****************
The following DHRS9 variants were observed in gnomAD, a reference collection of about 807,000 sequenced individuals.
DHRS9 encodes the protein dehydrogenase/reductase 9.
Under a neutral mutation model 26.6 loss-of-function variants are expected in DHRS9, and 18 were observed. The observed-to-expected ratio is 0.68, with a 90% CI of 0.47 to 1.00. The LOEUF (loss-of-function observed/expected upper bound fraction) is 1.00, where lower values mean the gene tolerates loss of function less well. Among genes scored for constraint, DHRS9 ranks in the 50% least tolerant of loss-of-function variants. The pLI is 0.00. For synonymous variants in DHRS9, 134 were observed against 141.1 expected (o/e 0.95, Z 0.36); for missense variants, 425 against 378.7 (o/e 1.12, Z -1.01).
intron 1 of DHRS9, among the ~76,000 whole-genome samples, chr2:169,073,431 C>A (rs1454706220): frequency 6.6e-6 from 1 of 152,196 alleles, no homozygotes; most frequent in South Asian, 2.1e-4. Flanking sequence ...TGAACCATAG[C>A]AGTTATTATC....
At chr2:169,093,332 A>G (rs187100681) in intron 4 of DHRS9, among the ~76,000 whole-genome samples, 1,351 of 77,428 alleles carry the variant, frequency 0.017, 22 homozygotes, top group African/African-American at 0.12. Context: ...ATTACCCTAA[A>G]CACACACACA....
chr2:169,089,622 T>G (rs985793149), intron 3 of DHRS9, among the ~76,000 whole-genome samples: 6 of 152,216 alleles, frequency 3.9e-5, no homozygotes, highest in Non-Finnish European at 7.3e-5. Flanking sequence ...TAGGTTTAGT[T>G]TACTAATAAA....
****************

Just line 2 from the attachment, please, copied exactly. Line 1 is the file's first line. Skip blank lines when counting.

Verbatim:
DHRS9 encodes the protein dehydrogenase/reductase 9.